The decision to place a loved one in a nursing home, assisted living facility, or other long term care option is a difficult one. If you’ve decided to place a loved in the care of someone else and then learn that they were neglected or abused, feelings of anger, frustration, and guilt are real and understandable.
Fortunately, there are steps you can take to reduce the likelihood of nursing home abuse and signs to be aware of to stop neglect and abuse before it gets worse.
Nursing Homes Have a Duty to Provide Quality Care
When you place someone you love in a nursing home, assisted living facility, or another type of long term care, the facility undertakes a duty to provide a minimum standard of care. Unfortunately, many nursing homes fail to provide that care and instead allow abuse or neglect to be perpetrated against the elderly and infirm - some of the most vulnerable members of our society.
But not all abuse is obvious. In fact, some forms of nursing home abuse or neglect are subtle, meaning that nursing home abuse or neglect can go unnoticed for long periods of time without intervention.
While staff members and facility directors should be on the lookout for abuse or neglect of nursing home residents, family members can and should take an active role in observing and preventing nursing home abuse or neglect by remaining vigilant and asking questions if they notice concerning signs.
Signs of Abuse or Neglect in a Nursing Home
Nursing home neglect or abuse is committed against older adults who have been placed in the care of a nursing home, assisted living facility, or another long-term care option. When the facility accepts your loved one into their care, they agree to provide a minimum standard of service and, of course, to avoid mistreating their residents through abuse or neglect.
Abuse or neglect in a nursing home, assisted living facility, or another long-term care provider can come in many forms, including:
Failure to care for existing medical problems
Unreasonable use of physical or chemical restraints
Deprivation of food or water
To prevent these forms of abuse and neglect, there are common signs you should be on the lookout for, including:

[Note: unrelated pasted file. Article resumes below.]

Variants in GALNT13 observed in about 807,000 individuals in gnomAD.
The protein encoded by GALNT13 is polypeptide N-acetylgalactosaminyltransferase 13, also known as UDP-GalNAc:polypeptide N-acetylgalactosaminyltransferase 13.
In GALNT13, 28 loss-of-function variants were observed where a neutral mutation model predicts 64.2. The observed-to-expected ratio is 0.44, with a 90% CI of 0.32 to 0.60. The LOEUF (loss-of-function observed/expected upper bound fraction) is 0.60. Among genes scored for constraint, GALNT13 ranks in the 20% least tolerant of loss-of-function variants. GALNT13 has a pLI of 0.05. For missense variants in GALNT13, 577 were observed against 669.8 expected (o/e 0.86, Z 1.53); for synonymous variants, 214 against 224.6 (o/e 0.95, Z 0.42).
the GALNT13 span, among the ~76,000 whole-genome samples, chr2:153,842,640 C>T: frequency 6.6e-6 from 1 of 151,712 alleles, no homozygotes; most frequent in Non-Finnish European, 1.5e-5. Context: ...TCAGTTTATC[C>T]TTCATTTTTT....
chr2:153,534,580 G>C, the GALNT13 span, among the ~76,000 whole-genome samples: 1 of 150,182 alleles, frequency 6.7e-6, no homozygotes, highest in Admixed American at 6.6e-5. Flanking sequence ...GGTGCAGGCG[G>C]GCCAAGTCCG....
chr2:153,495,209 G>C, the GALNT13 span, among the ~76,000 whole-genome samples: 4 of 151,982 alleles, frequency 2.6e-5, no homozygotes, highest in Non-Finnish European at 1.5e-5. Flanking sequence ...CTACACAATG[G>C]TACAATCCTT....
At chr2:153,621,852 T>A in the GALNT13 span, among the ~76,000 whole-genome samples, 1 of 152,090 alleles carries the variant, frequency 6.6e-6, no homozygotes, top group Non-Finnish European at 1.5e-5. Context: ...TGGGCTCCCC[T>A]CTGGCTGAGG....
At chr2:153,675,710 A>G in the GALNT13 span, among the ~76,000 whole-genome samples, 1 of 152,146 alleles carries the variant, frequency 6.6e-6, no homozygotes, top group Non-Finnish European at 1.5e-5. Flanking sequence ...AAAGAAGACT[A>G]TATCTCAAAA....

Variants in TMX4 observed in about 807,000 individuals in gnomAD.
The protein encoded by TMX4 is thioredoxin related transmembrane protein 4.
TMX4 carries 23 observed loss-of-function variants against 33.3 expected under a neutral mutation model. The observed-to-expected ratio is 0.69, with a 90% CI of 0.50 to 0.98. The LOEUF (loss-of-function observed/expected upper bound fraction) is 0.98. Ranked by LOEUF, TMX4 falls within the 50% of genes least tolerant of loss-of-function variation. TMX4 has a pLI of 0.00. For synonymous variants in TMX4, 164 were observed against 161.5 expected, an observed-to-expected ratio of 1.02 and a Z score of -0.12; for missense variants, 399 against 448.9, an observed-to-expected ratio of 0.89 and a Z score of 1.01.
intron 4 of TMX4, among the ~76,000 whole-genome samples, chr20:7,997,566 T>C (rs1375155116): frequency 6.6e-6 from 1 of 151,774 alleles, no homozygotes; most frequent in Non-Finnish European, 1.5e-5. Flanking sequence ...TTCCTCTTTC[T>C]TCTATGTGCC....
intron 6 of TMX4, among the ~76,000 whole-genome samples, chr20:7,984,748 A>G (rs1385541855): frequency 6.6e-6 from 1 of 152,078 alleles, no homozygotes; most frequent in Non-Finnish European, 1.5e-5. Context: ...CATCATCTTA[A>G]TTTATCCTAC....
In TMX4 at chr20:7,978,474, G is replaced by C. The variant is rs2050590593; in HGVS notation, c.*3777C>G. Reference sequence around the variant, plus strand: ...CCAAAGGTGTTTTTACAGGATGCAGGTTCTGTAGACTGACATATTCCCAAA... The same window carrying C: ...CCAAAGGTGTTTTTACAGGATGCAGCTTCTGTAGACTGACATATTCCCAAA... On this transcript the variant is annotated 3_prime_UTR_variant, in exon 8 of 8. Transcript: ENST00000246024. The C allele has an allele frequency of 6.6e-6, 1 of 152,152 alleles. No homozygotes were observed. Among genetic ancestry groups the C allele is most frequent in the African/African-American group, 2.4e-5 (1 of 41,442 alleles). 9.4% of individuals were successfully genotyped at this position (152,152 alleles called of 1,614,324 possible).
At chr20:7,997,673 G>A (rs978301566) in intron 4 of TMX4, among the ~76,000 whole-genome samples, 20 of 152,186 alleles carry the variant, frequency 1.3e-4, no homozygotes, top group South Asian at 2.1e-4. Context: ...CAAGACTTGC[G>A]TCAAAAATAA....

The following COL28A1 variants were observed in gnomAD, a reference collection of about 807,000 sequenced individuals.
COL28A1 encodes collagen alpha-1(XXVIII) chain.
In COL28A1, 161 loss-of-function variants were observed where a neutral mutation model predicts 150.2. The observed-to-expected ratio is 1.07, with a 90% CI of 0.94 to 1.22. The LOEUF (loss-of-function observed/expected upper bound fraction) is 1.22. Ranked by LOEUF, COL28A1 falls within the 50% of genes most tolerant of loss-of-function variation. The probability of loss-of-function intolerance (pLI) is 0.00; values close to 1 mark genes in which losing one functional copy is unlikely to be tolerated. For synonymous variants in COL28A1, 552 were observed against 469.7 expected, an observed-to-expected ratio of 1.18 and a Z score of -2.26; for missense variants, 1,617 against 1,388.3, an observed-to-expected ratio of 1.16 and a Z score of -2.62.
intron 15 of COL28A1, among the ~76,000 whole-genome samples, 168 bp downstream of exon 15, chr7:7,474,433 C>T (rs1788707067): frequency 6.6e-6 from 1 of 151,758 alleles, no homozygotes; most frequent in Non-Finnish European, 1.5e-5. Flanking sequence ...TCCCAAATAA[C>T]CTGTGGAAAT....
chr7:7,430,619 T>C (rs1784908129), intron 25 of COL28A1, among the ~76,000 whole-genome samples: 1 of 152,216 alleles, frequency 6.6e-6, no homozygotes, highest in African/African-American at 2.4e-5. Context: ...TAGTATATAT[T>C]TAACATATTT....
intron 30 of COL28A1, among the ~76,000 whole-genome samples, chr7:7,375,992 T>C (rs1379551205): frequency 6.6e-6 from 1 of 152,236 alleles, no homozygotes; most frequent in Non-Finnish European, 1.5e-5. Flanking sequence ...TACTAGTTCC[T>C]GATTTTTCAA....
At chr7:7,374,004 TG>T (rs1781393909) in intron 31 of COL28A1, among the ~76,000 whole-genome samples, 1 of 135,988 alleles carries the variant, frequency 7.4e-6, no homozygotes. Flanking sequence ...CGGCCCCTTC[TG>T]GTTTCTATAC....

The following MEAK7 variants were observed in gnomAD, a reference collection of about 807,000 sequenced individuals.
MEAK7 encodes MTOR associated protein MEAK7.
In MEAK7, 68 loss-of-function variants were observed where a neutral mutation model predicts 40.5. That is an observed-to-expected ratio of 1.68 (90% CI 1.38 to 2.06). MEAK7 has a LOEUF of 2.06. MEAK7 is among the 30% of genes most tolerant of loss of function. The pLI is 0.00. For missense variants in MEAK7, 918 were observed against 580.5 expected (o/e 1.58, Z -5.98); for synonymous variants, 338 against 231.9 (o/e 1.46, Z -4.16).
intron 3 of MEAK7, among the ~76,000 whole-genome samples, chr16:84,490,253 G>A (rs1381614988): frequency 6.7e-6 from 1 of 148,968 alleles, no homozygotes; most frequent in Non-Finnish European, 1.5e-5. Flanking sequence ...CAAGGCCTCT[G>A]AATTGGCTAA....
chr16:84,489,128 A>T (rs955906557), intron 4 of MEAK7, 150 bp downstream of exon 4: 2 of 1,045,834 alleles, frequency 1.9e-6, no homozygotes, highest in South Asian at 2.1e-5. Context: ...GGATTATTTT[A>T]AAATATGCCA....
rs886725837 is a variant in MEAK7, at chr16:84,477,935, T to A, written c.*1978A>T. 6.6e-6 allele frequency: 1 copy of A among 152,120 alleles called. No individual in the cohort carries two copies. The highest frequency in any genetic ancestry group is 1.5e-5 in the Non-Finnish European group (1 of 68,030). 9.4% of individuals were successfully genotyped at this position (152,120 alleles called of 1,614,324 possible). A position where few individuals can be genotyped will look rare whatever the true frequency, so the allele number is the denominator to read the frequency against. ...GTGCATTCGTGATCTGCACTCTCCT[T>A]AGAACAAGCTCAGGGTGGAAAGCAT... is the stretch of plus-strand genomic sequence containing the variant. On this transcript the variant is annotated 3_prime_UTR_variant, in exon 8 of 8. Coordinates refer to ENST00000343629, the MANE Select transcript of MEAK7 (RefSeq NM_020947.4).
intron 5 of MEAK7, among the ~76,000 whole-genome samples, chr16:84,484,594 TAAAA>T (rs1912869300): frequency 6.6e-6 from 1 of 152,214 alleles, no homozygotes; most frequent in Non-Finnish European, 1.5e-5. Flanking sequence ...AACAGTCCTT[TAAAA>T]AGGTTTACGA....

Falls, fractures, or head injuries
Instances of wandering off or elopement
Rapid, unexplained weight loss
Bedsores (pressure ulcers)
A change in behavior while in the presence of certain staff members
Unexplained injuries such as bruises, cuts, or welts
Injuries caused by another resident
Causes of Nursing Home Abuse or Neglect
While nursing home abuse or neglect is inexcusable, there are certain conditions that make nursing home abuse more likely. Typically, nursing home abuse or neglect is the result of unqualified or improperly trained staff and staffing shortages. When staff is not properly trained or overworked they are more likely to become frustrated and stressed which can cause them to abuse or neglect residents. Over time, this chronic neglect or abuse can lead to more serious physical and emotional issues for nursing home residents.
What To Do If Your Loved One Has Suffered Abuse or Neglect in a Nursing Home
The right to be a safe and clean living environment
The right to be free from physical, verbal, mental, and emotional abuse and to be treated with courtesy and respect
The right to appropriate medical treatment
The right to have bedsheets and clothes changed as needed
The right o participate in decisions that affect their lives, including the right to communicate with their physician and employees in the facility
The right to privacy
The right to be free from physical and chemical restraints or prolonged isolation
The key to preventing nursing home abuse and neglect is understanding the many forms it can take, and recognizing its signs and causes. If you suspect that your loved one might be suffering from abuse or neglect at a nursing home or other long term care facility, it is critical that you speak up. By bringing your concerns to the attention of the nursing home management you will make a record. Facility management should step in and take steps to address and correct the problem. But sometimes that’s not enough, and it may be necessary to get a nursing home neglect and abuse lawyer involved.
Robenalt Law - Fighting for Victims of Nursing Home Abuse and Neglect for More Than 25 Years
If you believe that your loved one has suffered from abuse or neglect in a nursing home, contact an experienced Ohio nursing home negligence attorney as soon as possible. A lawyer can advise you about your rights and help you take steps to protect your loved one from further abuse.
If your loved one was injured, the nursing home may be responsible for paying for:
Past and future medical bills associated with treating the injuries
Surgeries, pain medication, and other on-going medical needs
Behavioral and other mental health therapy
Pain and suffering
Costs associated with wrongful death
Of course, no amount of money will adequately make for the injuries your loved one suffered. But compensation can help pay for the costs of unexpected medical and psychological treatment and damage to family relationships.
Tom Robenalt started his litigation career representing nursing homes at a large firm in Cleveland. For the past 25 years, he has used that experience to help victims and the families of those injured by negligent health care providers.
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